The good is independent of pleasant activity

P1: All activity aims at the good.
P2: The good is not a means towards anything else, but the end of every action.
P3: Pleasant activity is not good in itself, but aims at the good.
The pleasant and the good is not the same, as the good is independent of pleasant activity.

12

Rhetoric is a knack and philosophy requires expertise

P1: Knacks aim at immediate gratification.
P2: Branches of expertise consider the reason for its action and the nature of its object, they require reason.
P3: Rhetoric is solely for the purpose of flattery; to gratify the masses.
P4: Philosophy aims at the good and requires skill and expertise.
Rhetoric is a knack and philosophy requires expertise.

13

A self-disciplined mind is a good mins, and a self-disciplined person is a paradigm of goodness. A philosopher's life is the good life.

Harmony Argument:
P1: In all good things: ship, house, mind, body, state, there is an underlying order and organisation of components: harmony.
P2: For the mind or the soul, order and organisation occurs through law and convention- the mind is imbued with justice and temperance.
P3: Indulgence pollutes a good mind, like feeding a sick man bad food.
P4: Self-restraint stops the mind becoming diseased in the quest to satiate desire.
C: A self disciplined mind is a good mind, and a self disciplined person is a paradigm of goodness. It is the philosopher who lives this life, not the rhetorician.

14

It is worse to do wrong than suffer wrong EVAL

Isn't worse a subjective notion?

He is asking us to accept that a loss of integrity is worse than victimhood, because we are responsible for one and not the other. But most people may believe physical pain is worse, on account of human nature believeing pain is bad.

Forces us to judge ourselves on our virtues, not circumstances.

15

Rhetoric is a mercenary act, suitable only for criminals EVAL

Politicians use euphemistic language to cover attrocities.

But is he being quite one-dimensional? The art of persuasion can be used to serve moral ends.

Training in rhetoric means that people are less persuaded by it, less likely to be led into falsehoods.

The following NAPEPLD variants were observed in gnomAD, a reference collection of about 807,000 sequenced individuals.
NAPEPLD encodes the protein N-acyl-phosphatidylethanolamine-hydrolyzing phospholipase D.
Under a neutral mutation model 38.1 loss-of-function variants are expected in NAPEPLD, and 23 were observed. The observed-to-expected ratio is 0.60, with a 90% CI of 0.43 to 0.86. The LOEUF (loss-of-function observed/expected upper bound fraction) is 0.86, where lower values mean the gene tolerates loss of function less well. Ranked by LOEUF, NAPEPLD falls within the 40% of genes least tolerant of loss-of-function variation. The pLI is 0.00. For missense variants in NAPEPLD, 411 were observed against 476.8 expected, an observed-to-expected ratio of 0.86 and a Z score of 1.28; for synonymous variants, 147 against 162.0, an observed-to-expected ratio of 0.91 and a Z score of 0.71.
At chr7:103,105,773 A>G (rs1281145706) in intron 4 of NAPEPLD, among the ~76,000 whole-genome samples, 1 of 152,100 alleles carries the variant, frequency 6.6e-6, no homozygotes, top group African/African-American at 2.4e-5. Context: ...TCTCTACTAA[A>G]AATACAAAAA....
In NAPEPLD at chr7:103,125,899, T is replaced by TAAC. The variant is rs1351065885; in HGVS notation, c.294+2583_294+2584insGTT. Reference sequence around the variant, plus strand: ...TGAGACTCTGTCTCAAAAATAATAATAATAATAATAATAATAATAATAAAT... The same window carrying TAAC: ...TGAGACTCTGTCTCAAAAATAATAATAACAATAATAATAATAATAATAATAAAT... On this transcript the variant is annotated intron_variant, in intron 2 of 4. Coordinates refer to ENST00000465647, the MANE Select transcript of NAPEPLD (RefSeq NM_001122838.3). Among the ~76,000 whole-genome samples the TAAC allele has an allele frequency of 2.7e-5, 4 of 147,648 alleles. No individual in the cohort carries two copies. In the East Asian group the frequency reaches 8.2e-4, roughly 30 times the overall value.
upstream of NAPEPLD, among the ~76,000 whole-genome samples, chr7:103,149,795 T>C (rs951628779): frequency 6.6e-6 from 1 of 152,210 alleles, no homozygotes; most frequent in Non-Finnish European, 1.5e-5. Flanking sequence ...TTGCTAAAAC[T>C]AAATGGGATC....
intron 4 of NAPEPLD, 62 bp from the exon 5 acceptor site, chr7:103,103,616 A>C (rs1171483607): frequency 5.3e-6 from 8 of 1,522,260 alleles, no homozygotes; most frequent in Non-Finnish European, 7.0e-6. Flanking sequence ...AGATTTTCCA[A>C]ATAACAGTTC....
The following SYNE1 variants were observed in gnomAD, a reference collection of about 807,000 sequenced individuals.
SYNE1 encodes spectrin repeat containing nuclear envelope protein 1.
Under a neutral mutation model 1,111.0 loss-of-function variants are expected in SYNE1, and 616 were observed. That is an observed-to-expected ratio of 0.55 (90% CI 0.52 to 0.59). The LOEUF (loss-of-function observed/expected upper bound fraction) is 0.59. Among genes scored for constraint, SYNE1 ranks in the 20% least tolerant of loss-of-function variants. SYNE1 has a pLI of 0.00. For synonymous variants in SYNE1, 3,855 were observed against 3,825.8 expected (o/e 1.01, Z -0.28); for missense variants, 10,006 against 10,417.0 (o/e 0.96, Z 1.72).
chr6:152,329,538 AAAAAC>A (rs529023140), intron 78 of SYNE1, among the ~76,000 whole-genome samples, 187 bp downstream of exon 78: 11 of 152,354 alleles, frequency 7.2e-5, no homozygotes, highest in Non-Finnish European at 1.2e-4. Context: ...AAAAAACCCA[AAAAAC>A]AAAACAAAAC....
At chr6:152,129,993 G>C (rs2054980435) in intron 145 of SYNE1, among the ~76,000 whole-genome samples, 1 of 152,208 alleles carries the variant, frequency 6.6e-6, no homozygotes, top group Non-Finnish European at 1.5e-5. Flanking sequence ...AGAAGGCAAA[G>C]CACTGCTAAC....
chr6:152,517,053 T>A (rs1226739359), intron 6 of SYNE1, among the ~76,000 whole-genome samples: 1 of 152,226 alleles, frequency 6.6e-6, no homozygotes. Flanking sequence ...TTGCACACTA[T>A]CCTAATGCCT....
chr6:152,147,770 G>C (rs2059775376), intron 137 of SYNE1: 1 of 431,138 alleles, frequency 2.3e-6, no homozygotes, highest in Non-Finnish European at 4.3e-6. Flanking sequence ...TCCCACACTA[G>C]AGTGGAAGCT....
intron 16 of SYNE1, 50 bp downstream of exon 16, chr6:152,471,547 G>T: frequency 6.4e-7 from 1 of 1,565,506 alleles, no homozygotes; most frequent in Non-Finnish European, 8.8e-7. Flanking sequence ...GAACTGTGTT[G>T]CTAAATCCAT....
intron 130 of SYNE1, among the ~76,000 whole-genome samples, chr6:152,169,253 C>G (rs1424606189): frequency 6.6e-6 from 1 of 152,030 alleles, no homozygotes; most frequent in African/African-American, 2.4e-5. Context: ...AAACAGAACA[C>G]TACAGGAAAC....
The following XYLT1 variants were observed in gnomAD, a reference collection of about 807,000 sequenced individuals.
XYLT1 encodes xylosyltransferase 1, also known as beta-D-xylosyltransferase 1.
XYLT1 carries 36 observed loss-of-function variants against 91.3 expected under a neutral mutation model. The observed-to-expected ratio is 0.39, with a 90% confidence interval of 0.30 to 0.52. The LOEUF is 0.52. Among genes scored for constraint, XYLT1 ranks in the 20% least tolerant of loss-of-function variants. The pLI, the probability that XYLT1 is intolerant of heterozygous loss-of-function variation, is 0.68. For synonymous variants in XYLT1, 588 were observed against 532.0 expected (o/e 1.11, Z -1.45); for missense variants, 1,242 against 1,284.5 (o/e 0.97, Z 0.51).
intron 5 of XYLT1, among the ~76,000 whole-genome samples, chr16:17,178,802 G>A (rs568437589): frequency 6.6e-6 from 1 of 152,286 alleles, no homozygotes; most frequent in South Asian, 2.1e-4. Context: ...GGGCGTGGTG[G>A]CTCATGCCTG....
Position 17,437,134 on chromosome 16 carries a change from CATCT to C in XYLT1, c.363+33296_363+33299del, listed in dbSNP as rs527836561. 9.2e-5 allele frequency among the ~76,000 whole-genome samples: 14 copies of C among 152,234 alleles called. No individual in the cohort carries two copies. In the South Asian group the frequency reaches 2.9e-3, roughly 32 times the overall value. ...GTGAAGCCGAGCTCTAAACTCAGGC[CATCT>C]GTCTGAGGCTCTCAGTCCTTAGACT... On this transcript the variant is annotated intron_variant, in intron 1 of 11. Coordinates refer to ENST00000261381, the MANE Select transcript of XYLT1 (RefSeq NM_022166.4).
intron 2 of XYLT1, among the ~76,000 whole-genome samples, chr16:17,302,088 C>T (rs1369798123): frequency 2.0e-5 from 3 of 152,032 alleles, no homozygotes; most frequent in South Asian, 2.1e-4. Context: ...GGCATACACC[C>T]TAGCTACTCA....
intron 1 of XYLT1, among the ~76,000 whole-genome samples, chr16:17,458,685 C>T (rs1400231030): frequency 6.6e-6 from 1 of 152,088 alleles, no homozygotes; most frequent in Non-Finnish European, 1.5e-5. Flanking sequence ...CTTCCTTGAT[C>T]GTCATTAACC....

Can be used to defend the innocent.

16

Responding to the populace prevents you from stating real truths EVAL

What are the real truths? a relativist position would argue that truth exists, but it is relative. In this sense, responding to the changes in time and culture could enable one to state real truths.

True: if we accept the popularity of a truth based on consensus we are committing the fallacy of the majority.

17

The general population are naturally superior to a single individual EVAL

The majority always has more power. The only thing that can negate that power is regulations designed to protect minorities. But the majority is "naturally powerful".

18

Nature and convention are not opposed EVAL

The majority is the natually powerful, so whatever they dictate can be regarded as their natural desires.

Some natural behaviours are restricted by convention.

We choose which desires or wants are more preferable.

Social convention dictates that doing wrong is contemptible, but not necessarily that it is more contemptible than suffering wrong.

19

A life of self-restrain is happier than a life of self indulgence EVAL

Is this not subjective?

20

If some pleasures are bad then the pleasant and the good are not the same EVAL

Is this in immediate gratification? Studying hard is painful. but the pleasure of satisfaction outweighs this. Being self-restrictive is hard, but there is goodness in this.

21

The pleasant and the good are not the same 1 EVAL

Strength and weakness can coexist. We can be strong in the legs but weak in the arms. Opposites can co exist.

22

The good is independent of pleasant activity EVAL

Is all that is pleasant aiming at the good?